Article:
This feature is courtesy of National Geographic Traveller (UK).
Could you describe the image in focus?
This photograph was taken on the Mekong River in southern Laos, near the Cambodian border. My task was to document life along the Mekong, and it was during this assignment that I stumbled upon the scene in Si Phan Don — or ‘4,000 islands’ — a region revered for its simplistic and relaxed lifestyle.
Could you explain your process for capturing the image?
I used a Canon 5DS equipped with a 70-200mm 2.8 lens at 140mm for this shot. I have a penchant for photographing landscapes at extended focal lengths; I find it intriguing how it condenses the view, drawing the background into the frame and making the hills appear nearer and more imposing. I also utilized a LEE Filters 0.6 neutral density grad filter to preserve detail in the sky and establish a balance between the foreground and background. Shooting against the light instills vibrancy and warmth, but it’s crucial that the sun is low on the horizon for the technique to be effective.
What obstacles did you face?
Identifying the viewpoint was a task I had undertaken a few days prior. I determined that the sunset, slightly to the right of the frame, would lend the scene a gentle backlit ambiance. When I returned, I got there an hour before the sunset, which proved to be a tad early — in the tropics, the magical golden light only appears just before the sun actually sets. I was also on the lookout for human elements to animate the scene, but the islands are usually serene and I began doubting the feasibility of my plan. However, just as the light was about to fade, a local paddling a dugout canoe appeared, proving that patience indeed pays off.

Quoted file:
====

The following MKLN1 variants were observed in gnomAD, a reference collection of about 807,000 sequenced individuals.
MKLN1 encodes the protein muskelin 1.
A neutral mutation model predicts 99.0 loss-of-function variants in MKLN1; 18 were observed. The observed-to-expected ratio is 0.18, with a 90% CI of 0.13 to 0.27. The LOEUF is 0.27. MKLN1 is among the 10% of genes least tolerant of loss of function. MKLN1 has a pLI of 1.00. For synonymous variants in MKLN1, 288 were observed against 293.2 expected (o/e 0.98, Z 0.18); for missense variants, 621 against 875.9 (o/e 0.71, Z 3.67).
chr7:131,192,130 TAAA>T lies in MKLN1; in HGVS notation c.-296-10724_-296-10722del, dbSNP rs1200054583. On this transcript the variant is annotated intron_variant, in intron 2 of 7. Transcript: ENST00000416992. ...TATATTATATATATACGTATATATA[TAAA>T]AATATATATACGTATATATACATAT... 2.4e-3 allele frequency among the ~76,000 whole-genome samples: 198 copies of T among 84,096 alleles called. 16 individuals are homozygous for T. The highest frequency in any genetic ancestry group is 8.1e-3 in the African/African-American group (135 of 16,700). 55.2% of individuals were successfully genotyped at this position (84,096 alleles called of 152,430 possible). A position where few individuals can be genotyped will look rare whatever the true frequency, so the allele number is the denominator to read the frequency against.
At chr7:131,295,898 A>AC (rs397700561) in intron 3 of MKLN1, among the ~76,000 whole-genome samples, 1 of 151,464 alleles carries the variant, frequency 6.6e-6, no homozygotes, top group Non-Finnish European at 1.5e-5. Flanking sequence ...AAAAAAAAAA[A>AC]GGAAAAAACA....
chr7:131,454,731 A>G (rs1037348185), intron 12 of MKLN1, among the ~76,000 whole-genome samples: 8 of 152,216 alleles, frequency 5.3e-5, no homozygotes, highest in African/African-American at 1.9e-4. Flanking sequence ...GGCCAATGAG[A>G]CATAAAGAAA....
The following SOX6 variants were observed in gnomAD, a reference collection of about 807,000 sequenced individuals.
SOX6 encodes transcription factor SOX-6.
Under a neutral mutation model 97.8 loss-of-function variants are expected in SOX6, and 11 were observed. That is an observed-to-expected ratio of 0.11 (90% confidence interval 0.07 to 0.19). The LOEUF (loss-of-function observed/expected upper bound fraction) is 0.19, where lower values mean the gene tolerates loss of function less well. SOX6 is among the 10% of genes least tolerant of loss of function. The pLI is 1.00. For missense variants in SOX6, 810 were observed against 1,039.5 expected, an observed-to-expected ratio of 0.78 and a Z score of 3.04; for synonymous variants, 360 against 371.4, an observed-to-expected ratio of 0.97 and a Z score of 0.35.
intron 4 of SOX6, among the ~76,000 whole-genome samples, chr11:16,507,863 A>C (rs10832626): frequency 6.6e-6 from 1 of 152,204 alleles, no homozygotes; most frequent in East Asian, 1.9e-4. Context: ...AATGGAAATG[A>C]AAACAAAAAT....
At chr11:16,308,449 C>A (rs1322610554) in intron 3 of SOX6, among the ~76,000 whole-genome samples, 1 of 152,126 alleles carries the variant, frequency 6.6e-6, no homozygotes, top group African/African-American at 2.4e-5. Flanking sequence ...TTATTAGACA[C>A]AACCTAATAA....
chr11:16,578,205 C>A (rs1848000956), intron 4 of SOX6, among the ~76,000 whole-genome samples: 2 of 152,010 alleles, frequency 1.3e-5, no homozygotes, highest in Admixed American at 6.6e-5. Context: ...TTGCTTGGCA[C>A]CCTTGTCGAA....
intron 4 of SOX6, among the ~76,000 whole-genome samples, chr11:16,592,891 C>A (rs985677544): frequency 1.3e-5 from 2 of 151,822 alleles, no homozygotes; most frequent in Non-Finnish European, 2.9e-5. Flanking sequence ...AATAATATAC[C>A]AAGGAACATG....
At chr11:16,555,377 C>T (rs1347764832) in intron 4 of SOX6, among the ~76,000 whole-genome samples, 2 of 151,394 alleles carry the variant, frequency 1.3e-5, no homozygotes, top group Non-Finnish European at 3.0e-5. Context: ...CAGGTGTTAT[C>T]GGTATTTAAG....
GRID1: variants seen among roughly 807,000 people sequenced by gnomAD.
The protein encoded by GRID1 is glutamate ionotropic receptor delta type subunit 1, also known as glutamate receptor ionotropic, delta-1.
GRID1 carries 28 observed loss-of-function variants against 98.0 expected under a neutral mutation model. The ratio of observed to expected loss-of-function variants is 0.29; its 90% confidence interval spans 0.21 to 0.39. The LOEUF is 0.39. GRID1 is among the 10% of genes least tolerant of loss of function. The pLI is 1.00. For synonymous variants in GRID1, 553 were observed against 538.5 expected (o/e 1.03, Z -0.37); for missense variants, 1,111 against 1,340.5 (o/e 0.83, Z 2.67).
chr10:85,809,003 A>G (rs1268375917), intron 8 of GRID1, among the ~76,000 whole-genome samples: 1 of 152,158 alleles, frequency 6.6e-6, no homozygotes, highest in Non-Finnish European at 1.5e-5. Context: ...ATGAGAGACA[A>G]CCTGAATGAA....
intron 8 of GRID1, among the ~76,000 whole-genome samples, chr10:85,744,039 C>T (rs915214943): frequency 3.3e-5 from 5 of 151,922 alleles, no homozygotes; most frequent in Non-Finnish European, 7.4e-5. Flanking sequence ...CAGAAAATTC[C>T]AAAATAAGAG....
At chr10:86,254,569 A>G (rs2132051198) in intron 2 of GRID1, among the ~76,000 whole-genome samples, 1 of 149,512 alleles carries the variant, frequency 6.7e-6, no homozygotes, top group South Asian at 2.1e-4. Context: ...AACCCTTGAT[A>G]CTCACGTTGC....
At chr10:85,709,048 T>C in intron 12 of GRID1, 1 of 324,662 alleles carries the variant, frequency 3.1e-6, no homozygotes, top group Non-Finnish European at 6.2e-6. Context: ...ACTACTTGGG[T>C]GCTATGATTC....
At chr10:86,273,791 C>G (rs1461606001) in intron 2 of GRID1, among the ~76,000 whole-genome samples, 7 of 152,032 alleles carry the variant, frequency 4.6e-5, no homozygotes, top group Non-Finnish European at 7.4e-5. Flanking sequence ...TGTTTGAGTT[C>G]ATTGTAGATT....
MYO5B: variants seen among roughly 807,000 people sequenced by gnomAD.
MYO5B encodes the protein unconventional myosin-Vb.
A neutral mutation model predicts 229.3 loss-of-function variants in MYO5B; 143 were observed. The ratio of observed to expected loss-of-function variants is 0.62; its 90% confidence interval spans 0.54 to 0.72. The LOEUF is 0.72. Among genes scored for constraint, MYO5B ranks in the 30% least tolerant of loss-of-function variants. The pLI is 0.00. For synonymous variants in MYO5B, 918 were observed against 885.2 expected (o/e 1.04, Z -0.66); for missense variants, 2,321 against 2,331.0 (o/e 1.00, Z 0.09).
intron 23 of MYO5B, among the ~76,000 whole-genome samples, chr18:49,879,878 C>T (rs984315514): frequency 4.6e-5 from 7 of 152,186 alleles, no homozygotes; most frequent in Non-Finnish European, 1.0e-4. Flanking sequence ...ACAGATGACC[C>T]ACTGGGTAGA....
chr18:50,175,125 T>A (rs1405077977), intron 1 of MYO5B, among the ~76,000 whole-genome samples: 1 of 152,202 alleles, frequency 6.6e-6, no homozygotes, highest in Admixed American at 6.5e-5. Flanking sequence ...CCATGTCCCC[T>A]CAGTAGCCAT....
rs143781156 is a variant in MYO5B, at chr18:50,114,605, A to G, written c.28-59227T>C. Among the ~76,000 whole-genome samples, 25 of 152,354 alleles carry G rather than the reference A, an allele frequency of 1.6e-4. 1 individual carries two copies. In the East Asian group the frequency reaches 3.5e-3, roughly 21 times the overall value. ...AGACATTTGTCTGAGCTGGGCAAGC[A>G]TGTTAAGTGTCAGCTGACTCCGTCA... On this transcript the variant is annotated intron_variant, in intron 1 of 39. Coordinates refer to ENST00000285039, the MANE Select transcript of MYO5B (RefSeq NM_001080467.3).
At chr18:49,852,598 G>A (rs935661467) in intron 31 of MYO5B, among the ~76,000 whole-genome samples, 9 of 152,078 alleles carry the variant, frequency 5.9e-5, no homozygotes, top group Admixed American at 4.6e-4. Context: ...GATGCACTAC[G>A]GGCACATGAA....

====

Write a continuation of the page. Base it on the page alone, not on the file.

What message did you aim to impart with this photograph?
The Mekong’s persona transforms in this section of Laos, diverging into multiple waterways, with inlets forming a labyrinth of tiny islands. Cars are a rarity on these islands, thus boats are the primary mode of transport. I sought to encapsulate this pastoral aura. This locale, bathed in the tender backlight of the setting sun, provided the perfect setting for my vision.
This article was featured in the Jul/Aug 2023 edition of National Geographic Traveller (UK).
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Frequently Asked Questions (FAQs) about Mekong sunset photography
Where was Richard James Taylor’s photograph taken?
The photograph was taken on the Mekong River in southern Laos, close to the Cambodia border. The specific region is known as Si Phan Don or ‘4,000 islands’.
What equipment did Richard James Taylor use to capture the image?
Richard James Taylor used a Canon 5DS camera equipped with a 70-200mm 2.8 lens at 140mm. He also used a LEE Filters 0.6 neutral density grad filter to maintain detail and balance in the photograph.
What were the challenges that Richard James Taylor faced while capturing the image?
One of the key challenges was timing the photograph to capture the magical golden light that appears just before sunset. In addition, finding human elements to animate the scene was difficult due to the quiet nature of the islands.
What was Richard James Taylor’s intention with the photograph?
Taylor aimed to capture the bucolic and tranquil vibe of the Mekong River region in southern Laos. He wanted to illustrate how boats are the primary form of transport on the islands, shaped by the river’s numerous creeks.
Where can I find more of Richard James Taylor’s work?
You can find more of Richard James Taylor’s work in various issues of the National Geographic Traveller (UK) magazine. You can subscribe to the magazine online, available in select countries.